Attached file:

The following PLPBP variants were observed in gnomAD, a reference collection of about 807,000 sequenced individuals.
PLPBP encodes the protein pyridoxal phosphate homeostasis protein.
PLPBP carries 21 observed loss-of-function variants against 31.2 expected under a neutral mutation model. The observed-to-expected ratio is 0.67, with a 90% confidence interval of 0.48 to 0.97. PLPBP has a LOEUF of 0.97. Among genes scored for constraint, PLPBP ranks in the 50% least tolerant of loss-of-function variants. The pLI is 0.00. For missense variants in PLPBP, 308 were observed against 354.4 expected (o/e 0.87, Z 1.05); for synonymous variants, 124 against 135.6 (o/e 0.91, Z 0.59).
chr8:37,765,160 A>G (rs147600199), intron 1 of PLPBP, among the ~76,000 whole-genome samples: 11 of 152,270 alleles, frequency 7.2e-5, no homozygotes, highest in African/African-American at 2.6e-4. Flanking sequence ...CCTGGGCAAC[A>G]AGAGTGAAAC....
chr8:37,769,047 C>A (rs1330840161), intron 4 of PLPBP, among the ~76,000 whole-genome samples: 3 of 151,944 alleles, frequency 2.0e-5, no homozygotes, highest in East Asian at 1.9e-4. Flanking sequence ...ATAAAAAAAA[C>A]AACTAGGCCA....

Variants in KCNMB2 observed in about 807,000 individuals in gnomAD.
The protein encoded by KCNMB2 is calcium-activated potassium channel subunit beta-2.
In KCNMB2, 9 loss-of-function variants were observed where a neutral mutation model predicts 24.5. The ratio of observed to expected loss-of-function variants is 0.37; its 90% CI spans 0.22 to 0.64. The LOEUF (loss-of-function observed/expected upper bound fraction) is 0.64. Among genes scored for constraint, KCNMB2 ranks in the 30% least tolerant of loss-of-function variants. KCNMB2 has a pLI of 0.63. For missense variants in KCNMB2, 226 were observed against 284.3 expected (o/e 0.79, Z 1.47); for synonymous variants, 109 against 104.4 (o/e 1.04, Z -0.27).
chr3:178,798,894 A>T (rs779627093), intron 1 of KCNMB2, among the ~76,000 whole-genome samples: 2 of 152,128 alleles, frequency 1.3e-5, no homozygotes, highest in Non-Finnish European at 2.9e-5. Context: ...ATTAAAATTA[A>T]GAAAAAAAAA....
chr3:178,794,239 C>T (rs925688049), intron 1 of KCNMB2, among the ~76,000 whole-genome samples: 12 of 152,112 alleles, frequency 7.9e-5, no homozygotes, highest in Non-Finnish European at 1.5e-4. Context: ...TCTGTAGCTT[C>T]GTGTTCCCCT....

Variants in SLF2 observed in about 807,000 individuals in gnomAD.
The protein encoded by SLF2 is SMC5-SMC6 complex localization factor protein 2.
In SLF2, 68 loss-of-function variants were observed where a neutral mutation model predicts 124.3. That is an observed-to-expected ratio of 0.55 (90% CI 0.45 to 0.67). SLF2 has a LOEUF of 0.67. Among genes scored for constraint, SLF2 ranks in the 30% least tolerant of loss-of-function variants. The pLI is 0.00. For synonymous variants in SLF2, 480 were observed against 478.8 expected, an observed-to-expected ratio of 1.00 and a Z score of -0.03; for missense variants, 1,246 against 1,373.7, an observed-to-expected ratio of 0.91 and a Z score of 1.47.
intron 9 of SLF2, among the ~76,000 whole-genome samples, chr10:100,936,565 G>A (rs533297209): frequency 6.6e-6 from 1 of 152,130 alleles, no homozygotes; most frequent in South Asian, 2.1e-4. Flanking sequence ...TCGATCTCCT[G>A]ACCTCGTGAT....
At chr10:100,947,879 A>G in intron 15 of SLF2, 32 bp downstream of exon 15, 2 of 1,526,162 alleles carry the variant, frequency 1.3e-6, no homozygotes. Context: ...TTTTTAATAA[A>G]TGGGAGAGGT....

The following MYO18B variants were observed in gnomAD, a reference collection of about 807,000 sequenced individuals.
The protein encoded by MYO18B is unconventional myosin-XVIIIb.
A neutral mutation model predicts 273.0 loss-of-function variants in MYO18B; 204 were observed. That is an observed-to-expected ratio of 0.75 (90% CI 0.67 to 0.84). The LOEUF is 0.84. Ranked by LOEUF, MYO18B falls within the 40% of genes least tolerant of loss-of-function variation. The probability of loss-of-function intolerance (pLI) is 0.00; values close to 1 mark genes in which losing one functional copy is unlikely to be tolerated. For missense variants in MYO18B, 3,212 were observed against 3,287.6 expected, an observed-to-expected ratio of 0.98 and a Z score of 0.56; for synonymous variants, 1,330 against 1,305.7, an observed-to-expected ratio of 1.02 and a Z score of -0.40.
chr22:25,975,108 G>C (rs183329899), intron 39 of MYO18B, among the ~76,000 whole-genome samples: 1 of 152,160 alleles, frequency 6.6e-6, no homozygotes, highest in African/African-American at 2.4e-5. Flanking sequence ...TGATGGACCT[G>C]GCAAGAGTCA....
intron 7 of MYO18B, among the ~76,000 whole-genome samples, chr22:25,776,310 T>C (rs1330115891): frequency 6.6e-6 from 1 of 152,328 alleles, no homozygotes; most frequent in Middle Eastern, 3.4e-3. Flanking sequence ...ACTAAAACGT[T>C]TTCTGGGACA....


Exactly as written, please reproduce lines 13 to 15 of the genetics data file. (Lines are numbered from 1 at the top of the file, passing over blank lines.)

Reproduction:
In SLF2, 68 loss-of-function variants were observed where a neutral mutation model predicts 124.3. That is an observed-to-expected ratio of 0.55 (90% CI 0.45 to 0.67). SLF2 has a LOEUF of 0.67. Among genes scored for constraint, SLF2 ranks in the 30% least tolerant of loss-of-function variants. The pLI is 0.00. For synonymous variants in SLF2, 480 were observed against 478.8 expected, an observed-to-expected ratio of 1.00 and a Z score of -0.03; for missense variants, 1,246 against 1,373.7, an observed-to-expected ratio of 0.91 and a Z score of 1.47.
intron 9 of SLF2, among the ~76,000 whole-genome samples, chr10:100,936,565 G>A (rs533297209): frequency 6.6e-6 from 1 of 152,130 alleles, no homozygotes; most frequent in South Asian, 2.1e-4. Flanking sequence ...TCGATCTCCT[G>A]ACCTCGTGAT....
At chr10:100,947,879 A>G in intron 15 of SLF2, 32 bp downstream of exon 15, 2 of 1,526,162 alleles carry the variant, frequency 1.3e-6, no homozygotes. Context: ...TTTTTAATAA[A>G]TGGGAGAGGT....